beabadoobee’s Fake It Flowers is a fantastic, energetic album that continuously catches you off guard. Fun, free and liberating, great lyrics dot about alongside heartwarming riffs and punchy choruses – but ultimately, the album acts as a guilty pleasure. It might not win the Mercury Prize, but sometimes you want an album to be that big blanket, bar of chocolate or pumpkin spice latte after a really shitty day.
Early on, beaboobee is keen to show she isn’t a one-trick wonder. A flurry of anthemic tracks are quickly countered by the 90-second ‘Back To Mars’, which shows a more tender side to her songwriting. This short interlude-like number acts as a tension-building countdown to lift off before beabadobee unleashes ‘Charlie Brown’, a pulsating track that sees the singer scream throughout. It’s a far cry from the pop-fuelled opening, and welcome change at that. ‘Emo Song’ unfortunately doesn’t follow suit, as the title suggests, but these subversions and juxtapositions make for an interesting and intriguing listen.
Throughout, songs refuse to stay in their lanes. Instead, they continuously develop, taking you on a sonic journey – it’s a side of beabadoobee I’ve not heard before, nor ever expected to. Her vocals are more dynamic and varied, which gives her sound a more complete feeling. The use of strings in ‘Horen Sarrison’ demonstrates this; it’s refreshing to see beabadobee try something different to the singles and EPs that saw her nominated for last year’s BRITs ‘Critics Choice Award’.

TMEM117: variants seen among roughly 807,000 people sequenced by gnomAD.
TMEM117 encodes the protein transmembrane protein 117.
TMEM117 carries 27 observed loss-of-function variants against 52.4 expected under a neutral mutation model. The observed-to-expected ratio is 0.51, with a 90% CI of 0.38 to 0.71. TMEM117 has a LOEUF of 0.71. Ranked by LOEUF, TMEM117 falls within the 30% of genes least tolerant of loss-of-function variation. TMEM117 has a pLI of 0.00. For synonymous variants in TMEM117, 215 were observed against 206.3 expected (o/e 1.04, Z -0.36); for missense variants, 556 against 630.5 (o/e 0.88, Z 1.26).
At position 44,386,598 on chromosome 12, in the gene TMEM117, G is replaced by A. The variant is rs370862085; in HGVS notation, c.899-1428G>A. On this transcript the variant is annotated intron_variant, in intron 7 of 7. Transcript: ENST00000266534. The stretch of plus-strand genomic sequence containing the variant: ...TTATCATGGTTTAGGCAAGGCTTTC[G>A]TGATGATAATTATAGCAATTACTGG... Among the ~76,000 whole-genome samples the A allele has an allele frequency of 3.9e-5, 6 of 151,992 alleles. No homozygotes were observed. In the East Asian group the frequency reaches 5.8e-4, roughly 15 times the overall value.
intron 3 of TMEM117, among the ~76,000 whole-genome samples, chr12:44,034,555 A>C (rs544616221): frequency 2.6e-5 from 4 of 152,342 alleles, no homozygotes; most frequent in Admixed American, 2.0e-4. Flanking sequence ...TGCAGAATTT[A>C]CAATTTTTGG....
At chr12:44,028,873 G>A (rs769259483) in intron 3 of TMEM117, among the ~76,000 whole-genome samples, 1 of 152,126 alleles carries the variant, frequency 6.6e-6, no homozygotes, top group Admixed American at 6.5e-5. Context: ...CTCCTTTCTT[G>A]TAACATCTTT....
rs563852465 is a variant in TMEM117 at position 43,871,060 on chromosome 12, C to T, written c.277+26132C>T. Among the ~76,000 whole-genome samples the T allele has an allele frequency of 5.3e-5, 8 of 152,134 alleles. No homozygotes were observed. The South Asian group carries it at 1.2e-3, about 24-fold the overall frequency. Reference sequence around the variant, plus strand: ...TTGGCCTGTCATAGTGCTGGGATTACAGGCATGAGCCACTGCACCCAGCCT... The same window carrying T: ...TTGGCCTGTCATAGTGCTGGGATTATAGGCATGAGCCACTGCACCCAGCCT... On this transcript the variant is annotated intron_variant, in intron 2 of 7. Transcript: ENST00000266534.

This variety is Fake It Flowers’ strongest asset. ‘Charlie Brown’ has an Avril-Lavigne sound to it, whereas album highlight, ‘Dye It Red’ – which opens with beabadobee kindly singing ‘kiss my ass’ – is reminiscent of ’90s films and TV shows. Think Freaks and Geeks, Freaky Friday, One Tree Hill, 90210 –all the good stuff. It’s a skateboarding soundtrack, a bedroom mirror singalong and a high school heartbreak scene all in one. It’s a sound many of us grew up with, and beabadoobee has resurrected it in 2020.
Adopting a somewhat similar sonic soundscape to labelmates Pale Waves and The 1975, beabadobee nevertheless remembers to add some personality into the mix. Where the former bands trip up in a lack of authenticity, beabadobee excels, resulting in a less polished, more honest and, as a result, purer album. It’s a thoroughly enjoyable record, but whether it’ll stand the test of time remains to be seen. Nevertheless, Fake It Flowers is a perfect listen for ‘Spooktober’.
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Fake it Flowers is out this Friday, 16 October 2020. Listen to beabadoobee on Spotify and Apple Music.